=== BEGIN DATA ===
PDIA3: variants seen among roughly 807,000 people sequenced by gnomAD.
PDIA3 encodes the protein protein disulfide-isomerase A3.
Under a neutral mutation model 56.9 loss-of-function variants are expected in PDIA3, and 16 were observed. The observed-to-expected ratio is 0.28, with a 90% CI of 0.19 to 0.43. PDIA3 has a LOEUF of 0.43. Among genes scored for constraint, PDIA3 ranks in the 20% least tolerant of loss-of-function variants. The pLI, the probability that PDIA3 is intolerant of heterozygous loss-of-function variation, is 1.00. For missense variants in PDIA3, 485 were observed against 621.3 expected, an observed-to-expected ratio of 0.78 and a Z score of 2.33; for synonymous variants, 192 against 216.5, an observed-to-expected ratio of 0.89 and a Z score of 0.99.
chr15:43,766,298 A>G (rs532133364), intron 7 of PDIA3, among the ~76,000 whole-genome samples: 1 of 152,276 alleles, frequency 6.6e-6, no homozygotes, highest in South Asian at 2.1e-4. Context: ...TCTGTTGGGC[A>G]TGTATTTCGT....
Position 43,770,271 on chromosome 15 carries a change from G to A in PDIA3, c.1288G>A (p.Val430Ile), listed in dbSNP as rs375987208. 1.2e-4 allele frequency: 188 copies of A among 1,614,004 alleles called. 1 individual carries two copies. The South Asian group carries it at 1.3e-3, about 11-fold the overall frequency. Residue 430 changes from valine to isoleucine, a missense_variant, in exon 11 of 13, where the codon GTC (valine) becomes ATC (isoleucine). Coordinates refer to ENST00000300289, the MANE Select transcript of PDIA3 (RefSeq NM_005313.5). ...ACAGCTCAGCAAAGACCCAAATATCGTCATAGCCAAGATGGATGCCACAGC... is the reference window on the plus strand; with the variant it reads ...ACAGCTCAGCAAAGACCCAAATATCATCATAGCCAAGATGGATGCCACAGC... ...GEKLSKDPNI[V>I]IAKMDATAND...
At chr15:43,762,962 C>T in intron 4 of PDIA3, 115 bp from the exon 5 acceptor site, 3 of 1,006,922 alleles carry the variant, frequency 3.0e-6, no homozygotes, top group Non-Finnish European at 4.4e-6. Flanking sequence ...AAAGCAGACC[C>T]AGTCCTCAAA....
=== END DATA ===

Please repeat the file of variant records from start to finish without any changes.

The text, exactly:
PDIA3: variants seen among roughly 807,000 people sequenced by gnomAD.
PDIA3 encodes the protein protein disulfide-isomerase A3.
Under a neutral mutation model 56.9 loss-of-function variants are expected in PDIA3, and 16 were observed. The observed-to-expected ratio is 0.28, with a 90% CI of 0.19 to 0.43. PDIA3 has a LOEUF of 0.43. Among genes scored for constraint, PDIA3 ranks in the 20% least tolerant of loss-of-function variants. The pLI, the probability that PDIA3 is intolerant of heterozygous loss-of-function variation, is 1.00. For missense variants in PDIA3, 485 were observed against 621.3 expected, an observed-to-expected ratio of 0.78 and a Z score of 2.33; for synonymous variants, 192 against 216.5, an observed-to-expected ratio of 0.89 and a Z score of 0.99.
chr15:43,766,298 A>G (rs532133364), intron 7 of PDIA3, among the ~76,000 whole-genome samples: 1 of 152,276 alleles, frequency 6.6e-6, no homozygotes, highest in South Asian at 2.1e-4. Context: ...TCTGTTGGGC[A>G]TGTATTTCGT....
Position 43,770,271 on chromosome 15 carries a change from G to A in PDIA3, c.1288G>A (p.Val430Ile), listed in dbSNP as rs375987208. 1.2e-4 allele frequency: 188 copies of A among 1,614,004 alleles called. 1 individual carries two copies. The South Asian group carries it at 1.3e-3, about 11-fold the overall frequency. Residue 430 changes from valine to isoleucine, a missense_variant, in exon 11 of 13, where the codon GTC (valine) becomes ATC (isoleucine). Coordinates refer to ENST00000300289, the MANE Select transcript of PDIA3 (RefSeq NM_005313.5). ...ACAGCTCAGCAAAGACCCAAATATCGTCATAGCCAAGATGGATGCCACAGC... is the reference window on the plus strand; with the variant it reads ...ACAGCTCAGCAAAGACCCAAATATCATCATAGCCAAGATGGATGCCACAGC... ...GEKLSKDPNI[V>I]IAKMDATAND...
At chr15:43,762,962 C>T in intron 4 of PDIA3, 115 bp from the exon 5 acceptor site, 3 of 1,006,922 alleles carry the variant, frequency 3.0e-6, no homozygotes, top group Non-Finnish European at 4.4e-6. Flanking sequence ...AAAGCAGACC[C>T]AGTCCTCAAA....